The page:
An ugly incident took place during Croatia’s 2-2 draw with the Czech Republic on Friday. When the scoreline was 2-1, Croatian supporters threw at least 15 flares on to the pitch and fought among themselves.
Mark Clattenburg, the referee, had to halt the game for several minutes in Saint-Etienne as flares being hurled onto the ground.
One steward appeared to be injured by a flare that exploded near him. Croatian skipper Darijo Srna and several other players urged the fans to stay calm but their appeals were ignored, as a minority section of supporters (some in black T‑shirts and hooded jackets) kept on launching attacks on fellow compatriots.
UEFA will open disciplinary proceedings on Saturday once they receive Clattenburg’s match report.
Croatia boss Ante Cacic claimed that the Croatian Federation was aware of the threat of violence but no measures were taken to counter the problem.
“They are not really Croatia supporters. These people are scary and I call them hooligans,” said Cacic after the match.
“These are sports terrorists. This is maybe just a question about six to 10 individuals. I hope they can be identified and punished. I hope the Croatia FA is doing everything to prevent this, but it is impossible to avoid.”
Barcelona midfielder Ivan Rakitic, who scored the second goal for Croatia, said that they have to say ‘sorry’ to every people around the world who loves football.
“We have to say sorry to Uefa, sorry to the Czech Republic and to everyone around the world who loves football,” he said to the reporters.
“Most supporters support this team and are real supporters. But 10 individuals can make all these problems. It is clear that the Croatian FA and [Croatian FA president] Davor Suker are fighting against this.”
The Croatian FF have been the target of protest primarily from Torcida of Hajduk Split and Bad Blue Boys of Dinamo Zagreb (fans group). The interruption of the match was planned long ahead, the schemes were published on Facebook and Croatian intelligence agencies had even warned the French police days in advance.
Croatia fans have a history of trouble. In recent years, Croatia had been fined, punished on several occasions due to disturbances like riots, clashes with the police, racism and the pitch invasion.
Last year, UEFA had ordered the country to play two Euro qualifying matches behind closed doors. A point was deducted and the federation was fined 100,000 euros after a swastika symbol was mowed into the Split stadium field before the Euro 2016 qualifier match against Italy last year.
Such incidents are a recurrent theme in Croatian football: FIFA suspended Croatian defender Josip Simunic for 10 matches in 2013 for leading fans in a “pro-Nazi” chant after they qualified for the 2014 World Cup.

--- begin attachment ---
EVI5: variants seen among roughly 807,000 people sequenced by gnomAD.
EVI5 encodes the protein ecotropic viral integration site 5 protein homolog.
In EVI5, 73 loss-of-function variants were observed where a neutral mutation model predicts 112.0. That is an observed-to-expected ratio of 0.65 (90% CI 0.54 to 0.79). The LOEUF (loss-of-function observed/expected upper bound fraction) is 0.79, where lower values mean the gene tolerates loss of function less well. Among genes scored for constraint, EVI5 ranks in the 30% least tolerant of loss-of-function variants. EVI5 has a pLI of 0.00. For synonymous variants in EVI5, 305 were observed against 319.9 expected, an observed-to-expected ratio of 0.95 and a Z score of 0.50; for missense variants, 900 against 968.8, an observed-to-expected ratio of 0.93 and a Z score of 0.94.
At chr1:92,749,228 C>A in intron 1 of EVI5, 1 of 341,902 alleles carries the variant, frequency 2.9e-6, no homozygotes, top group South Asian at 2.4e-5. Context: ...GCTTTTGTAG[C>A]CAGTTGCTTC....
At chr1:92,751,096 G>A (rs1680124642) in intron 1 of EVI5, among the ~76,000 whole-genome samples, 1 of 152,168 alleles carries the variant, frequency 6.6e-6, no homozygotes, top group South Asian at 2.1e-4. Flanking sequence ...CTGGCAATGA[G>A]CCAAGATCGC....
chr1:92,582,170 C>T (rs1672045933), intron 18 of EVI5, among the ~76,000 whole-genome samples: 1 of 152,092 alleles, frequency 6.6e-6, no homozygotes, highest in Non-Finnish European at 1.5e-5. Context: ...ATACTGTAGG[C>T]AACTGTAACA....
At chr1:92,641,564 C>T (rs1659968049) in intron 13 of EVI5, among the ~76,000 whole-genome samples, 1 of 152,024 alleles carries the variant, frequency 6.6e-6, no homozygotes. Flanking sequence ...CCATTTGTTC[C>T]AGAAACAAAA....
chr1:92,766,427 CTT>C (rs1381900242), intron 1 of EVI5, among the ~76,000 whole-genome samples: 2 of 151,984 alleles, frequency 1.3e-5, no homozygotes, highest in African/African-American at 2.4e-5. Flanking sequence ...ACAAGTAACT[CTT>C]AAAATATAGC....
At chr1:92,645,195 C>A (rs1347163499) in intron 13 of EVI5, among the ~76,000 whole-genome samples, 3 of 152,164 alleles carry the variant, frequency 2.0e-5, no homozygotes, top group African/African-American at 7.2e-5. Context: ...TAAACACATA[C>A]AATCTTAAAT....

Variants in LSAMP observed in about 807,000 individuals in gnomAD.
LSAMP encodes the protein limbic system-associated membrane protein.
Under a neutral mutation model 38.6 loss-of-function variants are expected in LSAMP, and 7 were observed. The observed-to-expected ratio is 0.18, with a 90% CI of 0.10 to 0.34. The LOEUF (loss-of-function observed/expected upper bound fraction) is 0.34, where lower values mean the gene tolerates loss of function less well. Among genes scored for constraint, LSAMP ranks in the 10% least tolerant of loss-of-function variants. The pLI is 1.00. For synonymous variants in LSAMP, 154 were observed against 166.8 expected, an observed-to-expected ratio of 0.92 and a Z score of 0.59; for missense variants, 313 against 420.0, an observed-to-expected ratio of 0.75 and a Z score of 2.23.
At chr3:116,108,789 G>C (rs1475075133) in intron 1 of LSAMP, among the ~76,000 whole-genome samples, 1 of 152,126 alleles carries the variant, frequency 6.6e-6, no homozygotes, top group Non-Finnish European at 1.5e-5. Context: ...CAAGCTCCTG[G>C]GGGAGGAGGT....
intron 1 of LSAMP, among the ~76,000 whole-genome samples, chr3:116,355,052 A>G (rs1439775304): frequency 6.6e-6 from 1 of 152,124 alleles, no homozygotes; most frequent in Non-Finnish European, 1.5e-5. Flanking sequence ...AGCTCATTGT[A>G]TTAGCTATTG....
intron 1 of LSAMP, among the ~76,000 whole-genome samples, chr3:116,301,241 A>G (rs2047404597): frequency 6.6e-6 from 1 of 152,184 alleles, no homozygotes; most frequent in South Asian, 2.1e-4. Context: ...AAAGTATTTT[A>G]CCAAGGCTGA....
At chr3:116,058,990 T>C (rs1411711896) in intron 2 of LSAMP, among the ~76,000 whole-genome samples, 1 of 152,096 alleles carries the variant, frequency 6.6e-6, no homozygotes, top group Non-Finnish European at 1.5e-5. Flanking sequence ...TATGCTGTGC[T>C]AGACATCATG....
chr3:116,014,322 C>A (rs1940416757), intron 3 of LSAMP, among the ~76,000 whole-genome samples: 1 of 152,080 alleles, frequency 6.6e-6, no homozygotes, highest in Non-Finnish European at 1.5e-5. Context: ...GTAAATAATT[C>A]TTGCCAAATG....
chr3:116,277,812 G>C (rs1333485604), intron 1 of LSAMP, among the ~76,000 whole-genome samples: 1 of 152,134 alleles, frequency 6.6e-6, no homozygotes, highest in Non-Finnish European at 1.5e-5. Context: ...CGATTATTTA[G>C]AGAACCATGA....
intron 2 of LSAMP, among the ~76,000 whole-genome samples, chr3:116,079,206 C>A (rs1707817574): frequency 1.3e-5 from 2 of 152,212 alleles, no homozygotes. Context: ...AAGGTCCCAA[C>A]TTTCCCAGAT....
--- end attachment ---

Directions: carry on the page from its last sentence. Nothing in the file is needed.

These are not random acts from a few drunken, dunderhead supporters, rather they are planned and properly organised to highlight an agenda that has long plagued Croatian football.
The problem runs too deep. A section of Croatian supporters (mainly the extremist group or the Ultras) are unhappy with how the Croatian Football Federation being run. There is a strong feeling that corruption has infiltrated so deep that fans do not care anymore. A group of supporters are trying to get their message across, force their way, even at the cost of humiliating their nation in front of the whole world.
The anger is mainly directed against Zdravko Mamic, who is the de facto director of the Croatian FF and Dinamo Zagreb football club. Aleksandar Holiga, a reputed journalist working for the Guardian, notes “Croatian football is run by a criminal, Zdravko Mamić, and his puppets. They are hypocrites, fake patriots and thieves.”
Even former Croatian player Davor Suker, who is the formal president of the Croatian FF and a member of the UEFA Executive Committee, is not a popular figure amongst the ultras.
Mamic is a powerful figure in the Croatian football. He has been accused of several wrongdoings in the past like purchasing referee decision, tax evasions and setting up unfair player contracts.
Not only he doesn’t allow supporters to participate in the club’s decision making but he is powerful enough to interfere with the Croatian national football. There are claims that he often takes the decision (was seen giving instructions to coach Cacic before the match) which players should be picked.
Mamic was jailed multiple times but it is hard to prove the allegations against him. He has been ordered to stay away from club duties but remains an integral part of the federation.
Croatia may get away with a large fine and a warning but there are chances they could be barred from participating in World Cup 2018 qualifications.